Thursday, 3 November 2016

A new assessment of internal stress within kiln-dried lumber using a restoring force technique on a half-split specimen

Published Date

Original
DOI: 10.1007/s00226-016-0852-y

Cite this article as: 
Jantawee, S., Leelatanon, S., Diawanich, P. et al. Wood Sci Technol (2016) 50: 1277. doi:10.1007/s00226-016-0852-y

Author
  • Sataporn Jantawee
  • Satjapan Leelatanon
  • Prawate Diawanich
  • Nirundorn Matan
Abstract

Due to difficulties in determining modulus of elasticity of wood, only strain or deflection profiles caused by relaxation of internal stress are normally evaluated for industrial kiln-dried lumber. To directly assess the level of internal stress within the lumber, a new technique of measuring the restoring force on a half-split specimen has been presented and the corresponding device has been designed and constructed. Kiln-dried rubberwood specimens with dimensions of 30 or 50 mm (thickness), 130 mm (width) and 50 mm (length) were used in the study. The measured restoring force appears to vary with half-split length and specimen thickness. A mathematical model based on an elastic cantilever beam theory has been successfully developed to describe the restoring force behavior in a flexural response regime. The magnitude of the maximum linearly averaged internal stress σm can be derived without prior knowledge of the modulus of elasticity of wood. For the 30-mm-thick lumber, the derived values of σm are in general agreement with the ones obtained from the conventional McMillen slice test. Very close agreement is observed when the internal stress is at a relatively low level and its profile is approximately linear. But for the 50-mm-thick lumber, the determination of σm is less appropriate because of its relatively short flexural range. A restoring force–internal stress chart has been proposed for practical use in the lumber industry. This assessment was performed to investigate the evolution of internal stress during the conditioning and storage stages of kiln-dried rubberwood lumber.

References

  1. Bodig J, Jayne BA (1982) Mechanics of wood and wood composites. Van Nostrand Reinhold Company, New YorkGoogle Scholar
  2. Diawanich P, Matan N, Kyokong B (2010) Evolution of internal stress during drying, cooling and conditioning of rubberwood lumber. Eur J Wood Prod 68(1):1–12CrossRefGoogle Scholar
  3. Diawanich P, Tomad S, Matan N, Kyokong B (2012) Novel assessment of casehardening in kiln-dried lumber. Wood Sci Technol 46:101–114CrossRefGoogle Scholar
  4. European Committee for Standardization (2010) Sawn timber-method for assessment of case-hardening. CEN standard ENV 14464
  5. Fuller J (1995) Conditioning stress development and factors that influence the prong test. Res. Pap. FPL–RP–537. Department of Agriculture, Forest Service, Forest Products Laboratory, Madison
  6. Fuller J, Hart CA (1994) Factors that influence the prong test. In: Proceedings of the 4th IUFRO international wood drying conference, Rotorua, pp 313–320
  7. Hibbeler RC (2012) Structural analysis. Prentice Hall, New JerseyGoogle Scholar
  8. Lados DA, Apelian D (2006) The effect of residual stress on the fatigue crack growth behavior of Al–Si–Mg cast alloys—mechanisms and corrective mathematical models. Metall Mater Trans A 37:133–145CrossRefGoogle Scholar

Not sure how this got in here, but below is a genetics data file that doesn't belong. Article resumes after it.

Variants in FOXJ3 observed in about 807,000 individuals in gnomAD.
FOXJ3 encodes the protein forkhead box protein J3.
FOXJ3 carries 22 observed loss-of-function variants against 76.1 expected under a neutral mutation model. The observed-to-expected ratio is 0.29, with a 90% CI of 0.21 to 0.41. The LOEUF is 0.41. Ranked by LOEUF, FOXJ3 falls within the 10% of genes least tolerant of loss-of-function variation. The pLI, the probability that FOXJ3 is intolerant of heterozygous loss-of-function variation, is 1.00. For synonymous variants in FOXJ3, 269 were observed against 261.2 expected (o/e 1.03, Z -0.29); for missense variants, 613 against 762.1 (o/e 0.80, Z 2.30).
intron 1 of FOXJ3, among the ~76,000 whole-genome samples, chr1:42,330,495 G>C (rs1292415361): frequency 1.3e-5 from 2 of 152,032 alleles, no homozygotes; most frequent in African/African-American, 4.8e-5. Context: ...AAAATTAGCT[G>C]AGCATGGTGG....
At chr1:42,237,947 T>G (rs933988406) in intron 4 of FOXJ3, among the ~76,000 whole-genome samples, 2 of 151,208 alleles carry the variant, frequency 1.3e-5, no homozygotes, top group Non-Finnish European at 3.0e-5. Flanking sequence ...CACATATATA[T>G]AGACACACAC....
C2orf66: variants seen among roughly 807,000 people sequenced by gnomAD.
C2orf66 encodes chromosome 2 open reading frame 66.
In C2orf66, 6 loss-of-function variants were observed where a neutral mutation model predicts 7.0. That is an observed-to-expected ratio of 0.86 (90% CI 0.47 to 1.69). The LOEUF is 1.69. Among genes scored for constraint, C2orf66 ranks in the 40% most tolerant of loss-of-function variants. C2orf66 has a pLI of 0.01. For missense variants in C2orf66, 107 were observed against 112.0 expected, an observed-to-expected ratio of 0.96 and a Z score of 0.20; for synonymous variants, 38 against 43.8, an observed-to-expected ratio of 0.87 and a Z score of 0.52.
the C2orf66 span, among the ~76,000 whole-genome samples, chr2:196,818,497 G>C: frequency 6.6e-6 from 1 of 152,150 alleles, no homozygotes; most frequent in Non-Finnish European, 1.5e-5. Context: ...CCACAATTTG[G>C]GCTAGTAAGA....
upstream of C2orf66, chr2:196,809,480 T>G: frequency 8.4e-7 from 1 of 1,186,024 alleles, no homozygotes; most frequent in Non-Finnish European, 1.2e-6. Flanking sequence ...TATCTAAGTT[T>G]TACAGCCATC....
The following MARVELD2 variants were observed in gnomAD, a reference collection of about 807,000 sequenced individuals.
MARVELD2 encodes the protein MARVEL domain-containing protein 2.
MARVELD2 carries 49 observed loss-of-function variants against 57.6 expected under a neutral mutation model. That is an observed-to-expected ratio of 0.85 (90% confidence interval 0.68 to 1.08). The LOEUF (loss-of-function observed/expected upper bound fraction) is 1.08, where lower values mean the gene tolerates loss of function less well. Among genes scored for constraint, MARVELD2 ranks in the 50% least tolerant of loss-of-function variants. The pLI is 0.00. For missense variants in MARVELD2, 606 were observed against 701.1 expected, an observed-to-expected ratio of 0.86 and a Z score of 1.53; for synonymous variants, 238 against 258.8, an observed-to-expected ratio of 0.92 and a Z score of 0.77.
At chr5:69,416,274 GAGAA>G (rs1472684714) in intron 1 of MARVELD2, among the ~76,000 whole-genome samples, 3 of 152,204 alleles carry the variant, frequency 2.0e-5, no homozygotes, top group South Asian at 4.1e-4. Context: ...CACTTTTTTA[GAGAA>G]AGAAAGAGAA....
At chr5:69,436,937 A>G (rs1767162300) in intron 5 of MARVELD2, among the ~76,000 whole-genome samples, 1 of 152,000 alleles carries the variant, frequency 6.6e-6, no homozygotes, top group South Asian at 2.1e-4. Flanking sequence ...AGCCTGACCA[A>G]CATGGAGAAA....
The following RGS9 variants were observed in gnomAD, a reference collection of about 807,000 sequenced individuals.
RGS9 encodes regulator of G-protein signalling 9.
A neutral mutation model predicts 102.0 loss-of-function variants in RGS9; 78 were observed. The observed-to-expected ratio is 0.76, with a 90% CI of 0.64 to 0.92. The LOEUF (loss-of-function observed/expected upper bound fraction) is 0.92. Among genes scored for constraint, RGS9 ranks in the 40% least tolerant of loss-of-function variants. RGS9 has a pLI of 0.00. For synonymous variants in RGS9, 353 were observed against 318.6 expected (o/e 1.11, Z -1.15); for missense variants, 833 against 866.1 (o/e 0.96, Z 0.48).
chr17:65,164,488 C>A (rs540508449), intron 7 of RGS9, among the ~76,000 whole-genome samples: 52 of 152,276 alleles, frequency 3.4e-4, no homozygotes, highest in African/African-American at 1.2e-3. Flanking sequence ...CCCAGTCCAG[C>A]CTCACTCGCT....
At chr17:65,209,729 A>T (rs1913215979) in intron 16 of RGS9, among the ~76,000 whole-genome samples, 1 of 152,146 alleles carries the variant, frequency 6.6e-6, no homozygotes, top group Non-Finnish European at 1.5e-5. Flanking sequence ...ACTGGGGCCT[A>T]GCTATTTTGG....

9. Matan N, Kyokong B (2003) Effect of moisture content on some physical and mechanical properties of juvenile rubberwood. Songklanakarin J Sci Technol 25(3):327–340Google Scholar
  10. McMillen JM (1958) Stresses in wood during drying (Report 1652). Department of Agriculture, Forest Service, Forest Products Laboratory, MadisonGoogle Scholar
  11. Perré P, Passard J (2007) Stress development. In: Perré P (ed) Fundamentals of wood drying. European COST A.R.B.O.LOR, Nancy, pp 243–271Google Scholar
  12. Rossini NS, Dassisti M, Benyounis KY, Olabi AG (2012) Methods of measuring residual stresses in components. Mater Des 35:572–588CrossRefGoogle Scholar
  13. Schajer GS, Ruud CO (2013) Overview of residual stresses and their measurement. In: Schajer GS (ed) Practical residual stress measurement methods. Wiley, West Sussex, pp 1–27CrossRefGoogle Scholar
  14. Simpson WT (1991) Dry kiln operator’s manual. In: Agriculture Handbook AH-188. Department of Agriculture, Forest Service, Forest Products Laboratory, Madison
  15. Simpson WT (1999) Drying and control of moisture content and dimensional changes. In: Wood handbook (Wood as an Engineering Material). Department of Agriculture, Forest Service, Forest Products Laboratory, Madison
  16. Sonderegger W, Martienssen A, Nitsche C, Ozyhar T, Kaliske M, Niemz P (2013) Investigations on the physical and mechanical behavior of sycamore maple (Acer pseudoplatanus L.). Eur J Wood Prod 71:91–99CrossRefGoogle Scholar
  17. Tomad S, Matan N, Diawanich P, Kyokong B (2012) Internal stress measurement during drying of rubberwood lumber: effects of wet-bulb temperature in various drying strategies. Holzforschung 66:645–654CrossRefGoogle Scholar
  18. Walton HW (2002) Deflection methods to estimate residual stress. In: Totten G, Howes M, Inoue T (eds) Handbook of residual stress and deformation of steel. ASM International, Ohio, pp 89–98Google Scholar
  19. Wengert E (1992) Techniques for equalizing and conditioning lumber. Cooperative extension programs No. 65. Department of Forest and Wildlife Ecology, University of Wisconsin, Madison

For further details log on website :
http://dx.doi.org/10.1007/s00226-016-0847-8

No comments:

Post a Comment